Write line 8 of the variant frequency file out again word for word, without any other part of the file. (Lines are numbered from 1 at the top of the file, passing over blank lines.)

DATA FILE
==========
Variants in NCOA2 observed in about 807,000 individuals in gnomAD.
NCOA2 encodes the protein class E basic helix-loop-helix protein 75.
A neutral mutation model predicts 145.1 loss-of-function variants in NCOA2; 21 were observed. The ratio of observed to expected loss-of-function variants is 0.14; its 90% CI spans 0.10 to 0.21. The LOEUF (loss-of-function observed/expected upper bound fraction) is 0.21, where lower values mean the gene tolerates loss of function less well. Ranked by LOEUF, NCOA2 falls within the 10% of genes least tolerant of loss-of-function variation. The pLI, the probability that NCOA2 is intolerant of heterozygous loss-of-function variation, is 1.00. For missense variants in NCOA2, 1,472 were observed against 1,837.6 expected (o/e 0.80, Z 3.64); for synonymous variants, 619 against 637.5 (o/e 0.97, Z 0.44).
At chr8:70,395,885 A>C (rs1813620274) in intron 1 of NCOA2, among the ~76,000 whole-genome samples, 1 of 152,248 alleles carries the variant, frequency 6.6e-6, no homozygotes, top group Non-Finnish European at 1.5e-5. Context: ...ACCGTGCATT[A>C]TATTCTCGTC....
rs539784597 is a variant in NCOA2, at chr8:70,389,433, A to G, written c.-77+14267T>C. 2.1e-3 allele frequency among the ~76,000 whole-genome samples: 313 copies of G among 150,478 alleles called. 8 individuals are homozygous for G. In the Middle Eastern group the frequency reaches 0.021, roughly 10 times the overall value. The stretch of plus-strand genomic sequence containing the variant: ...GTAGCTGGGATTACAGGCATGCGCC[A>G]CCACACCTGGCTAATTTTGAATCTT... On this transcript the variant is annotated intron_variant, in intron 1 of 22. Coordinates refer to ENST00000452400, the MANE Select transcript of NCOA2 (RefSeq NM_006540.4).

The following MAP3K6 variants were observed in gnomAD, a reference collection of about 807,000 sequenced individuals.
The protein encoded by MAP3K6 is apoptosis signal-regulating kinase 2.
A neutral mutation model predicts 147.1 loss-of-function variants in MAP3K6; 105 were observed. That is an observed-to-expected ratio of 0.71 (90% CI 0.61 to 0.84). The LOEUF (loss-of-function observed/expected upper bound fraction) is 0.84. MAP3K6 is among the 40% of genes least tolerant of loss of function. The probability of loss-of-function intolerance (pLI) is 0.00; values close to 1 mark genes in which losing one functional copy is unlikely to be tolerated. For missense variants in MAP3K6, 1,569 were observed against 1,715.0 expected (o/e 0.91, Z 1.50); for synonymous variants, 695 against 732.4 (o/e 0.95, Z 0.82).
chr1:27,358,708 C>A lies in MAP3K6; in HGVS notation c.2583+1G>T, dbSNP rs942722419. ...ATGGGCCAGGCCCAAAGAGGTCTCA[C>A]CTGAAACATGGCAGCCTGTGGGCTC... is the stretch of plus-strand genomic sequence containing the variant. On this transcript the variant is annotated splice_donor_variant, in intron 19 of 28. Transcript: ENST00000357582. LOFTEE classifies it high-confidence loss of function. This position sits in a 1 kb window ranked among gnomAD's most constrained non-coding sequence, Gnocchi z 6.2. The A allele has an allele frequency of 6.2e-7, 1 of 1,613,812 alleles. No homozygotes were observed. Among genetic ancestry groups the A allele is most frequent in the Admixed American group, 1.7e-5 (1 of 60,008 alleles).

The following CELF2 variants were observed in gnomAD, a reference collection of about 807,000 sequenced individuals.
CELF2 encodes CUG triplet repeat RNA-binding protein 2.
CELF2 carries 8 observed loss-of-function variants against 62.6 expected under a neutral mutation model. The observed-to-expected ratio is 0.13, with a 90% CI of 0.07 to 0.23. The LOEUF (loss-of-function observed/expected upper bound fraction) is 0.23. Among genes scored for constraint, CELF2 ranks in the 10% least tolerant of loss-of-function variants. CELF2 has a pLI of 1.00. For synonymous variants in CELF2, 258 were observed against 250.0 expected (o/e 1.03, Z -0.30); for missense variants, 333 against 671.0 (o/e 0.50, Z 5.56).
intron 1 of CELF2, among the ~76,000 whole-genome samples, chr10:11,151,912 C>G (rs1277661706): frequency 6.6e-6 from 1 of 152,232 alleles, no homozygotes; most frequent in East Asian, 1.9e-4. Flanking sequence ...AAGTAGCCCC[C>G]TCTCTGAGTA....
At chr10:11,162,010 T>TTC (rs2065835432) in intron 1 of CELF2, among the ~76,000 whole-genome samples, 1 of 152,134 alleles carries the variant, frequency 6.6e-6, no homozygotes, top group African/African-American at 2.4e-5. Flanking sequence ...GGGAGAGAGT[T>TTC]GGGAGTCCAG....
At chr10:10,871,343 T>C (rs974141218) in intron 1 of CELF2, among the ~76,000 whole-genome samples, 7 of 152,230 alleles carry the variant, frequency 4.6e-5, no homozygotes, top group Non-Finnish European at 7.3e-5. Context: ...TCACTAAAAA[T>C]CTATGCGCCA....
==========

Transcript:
A neutral mutation model predicts 147.1 loss-of-function variants in MAP3K6; 105 were observed. That is an observed-to-expected ratio of 0.71 (90% CI 0.61 to 0.84). The LOEUF (loss-of-function observed/expected upper bound fraction) is 0.84. MAP3K6 is among the 40% of genes least tolerant of loss of function. The probability of loss-of-function intolerance (pLI) is 0.00; values close to 1 mark genes in which losing one functional copy is unlikely to be tolerated. For missense variants in MAP3K6, 1,569 were observed against 1,715.0 expected (o/e 0.91, Z 1.50); for synonymous variants, 695 against 732.4 (o/e 0.95, Z 0.82).